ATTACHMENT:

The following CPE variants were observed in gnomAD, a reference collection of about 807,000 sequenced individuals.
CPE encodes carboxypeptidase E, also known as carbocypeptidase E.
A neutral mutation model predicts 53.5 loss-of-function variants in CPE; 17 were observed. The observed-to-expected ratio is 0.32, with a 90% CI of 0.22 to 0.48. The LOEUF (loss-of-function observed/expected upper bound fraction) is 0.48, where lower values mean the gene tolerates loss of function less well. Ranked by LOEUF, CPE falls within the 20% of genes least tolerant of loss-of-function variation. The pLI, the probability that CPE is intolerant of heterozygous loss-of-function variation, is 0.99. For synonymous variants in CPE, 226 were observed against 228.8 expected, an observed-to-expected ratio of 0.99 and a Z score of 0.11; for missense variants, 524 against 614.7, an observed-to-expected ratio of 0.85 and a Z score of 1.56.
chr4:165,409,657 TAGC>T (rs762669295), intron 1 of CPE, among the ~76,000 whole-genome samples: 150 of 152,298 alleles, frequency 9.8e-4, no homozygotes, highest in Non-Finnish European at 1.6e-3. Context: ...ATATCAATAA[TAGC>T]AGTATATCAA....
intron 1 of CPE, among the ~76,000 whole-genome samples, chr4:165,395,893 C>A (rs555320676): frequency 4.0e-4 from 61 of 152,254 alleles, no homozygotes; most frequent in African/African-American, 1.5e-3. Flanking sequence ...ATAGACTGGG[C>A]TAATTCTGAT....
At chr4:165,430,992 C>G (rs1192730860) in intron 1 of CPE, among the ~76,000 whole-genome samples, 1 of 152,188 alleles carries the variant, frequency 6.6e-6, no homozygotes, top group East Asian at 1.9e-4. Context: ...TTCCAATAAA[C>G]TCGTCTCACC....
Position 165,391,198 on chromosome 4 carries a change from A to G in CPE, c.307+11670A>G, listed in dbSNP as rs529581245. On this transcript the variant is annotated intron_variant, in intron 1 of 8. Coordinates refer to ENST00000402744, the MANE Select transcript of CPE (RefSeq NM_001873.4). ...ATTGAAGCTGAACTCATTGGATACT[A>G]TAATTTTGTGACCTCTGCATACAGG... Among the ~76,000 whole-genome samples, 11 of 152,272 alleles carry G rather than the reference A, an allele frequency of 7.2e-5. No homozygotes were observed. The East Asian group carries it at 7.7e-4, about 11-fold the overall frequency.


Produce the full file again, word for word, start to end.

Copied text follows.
The following CPE variants were observed in gnomAD, a reference collection of about 807,000 sequenced individuals.
CPE encodes carboxypeptidase E, also known as carbocypeptidase E.
A neutral mutation model predicts 53.5 loss-of-function variants in CPE; 17 were observed. The observed-to-expected ratio is 0.32, with a 90% CI of 0.22 to 0.48. The LOEUF (loss-of-function observed/expected upper bound fraction) is 0.48, where lower values mean the gene tolerates loss of function less well. Ranked by LOEUF, CPE falls within the 20% of genes least tolerant of loss-of-function variation. The pLI, the probability that CPE is intolerant of heterozygous loss-of-function variation, is 0.99. For synonymous variants in CPE, 226 were observed against 228.8 expected, an observed-to-expected ratio of 0.99 and a Z score of 0.11; for missense variants, 524 against 614.7, an observed-to-expected ratio of 0.85 and a Z score of 1.56.
chr4:165,409,657 TAGC>T (rs762669295), intron 1 of CPE, among the ~76,000 whole-genome samples: 150 of 152,298 alleles, frequency 9.8e-4, no homozygotes, highest in Non-Finnish European at 1.6e-3. Context: ...ATATCAATAA[TAGC>T]AGTATATCAA....
intron 1 of CPE, among the ~76,000 whole-genome samples, chr4:165,395,893 C>A (rs555320676): frequency 4.0e-4 from 61 of 152,254 alleles, no homozygotes; most frequent in African/African-American, 1.5e-3. Flanking sequence ...ATAGACTGGG[C>A]TAATTCTGAT....
At chr4:165,430,992 C>G (rs1192730860) in intron 1 of CPE, among the ~76,000 whole-genome samples, 1 of 152,188 alleles carries the variant, frequency 6.6e-6, no homozygotes, top group East Asian at 1.9e-4. Context: ...TTCCAATAAA[C>G]TCGTCTCACC....
Position 165,391,198 on chromosome 4 carries a change from A to G in CPE, c.307+11670A>G, listed in dbSNP as rs529581245. On this transcript the variant is annotated intron_variant, in intron 1 of 8. Coordinates refer to ENST00000402744, the MANE Select transcript of CPE (RefSeq NM_001873.4). ...ATTGAAGCTGAACTCATTGGATACT[A>G]TAATTTTGTGACCTCTGCATACAGG... Among the ~76,000 whole-genome samples, 11 of 152,272 alleles carry G rather than the reference A, an allele frequency of 7.2e-5. No homozygotes were observed. The East Asian group carries it at 7.7e-4, about 11-fold the overall frequency.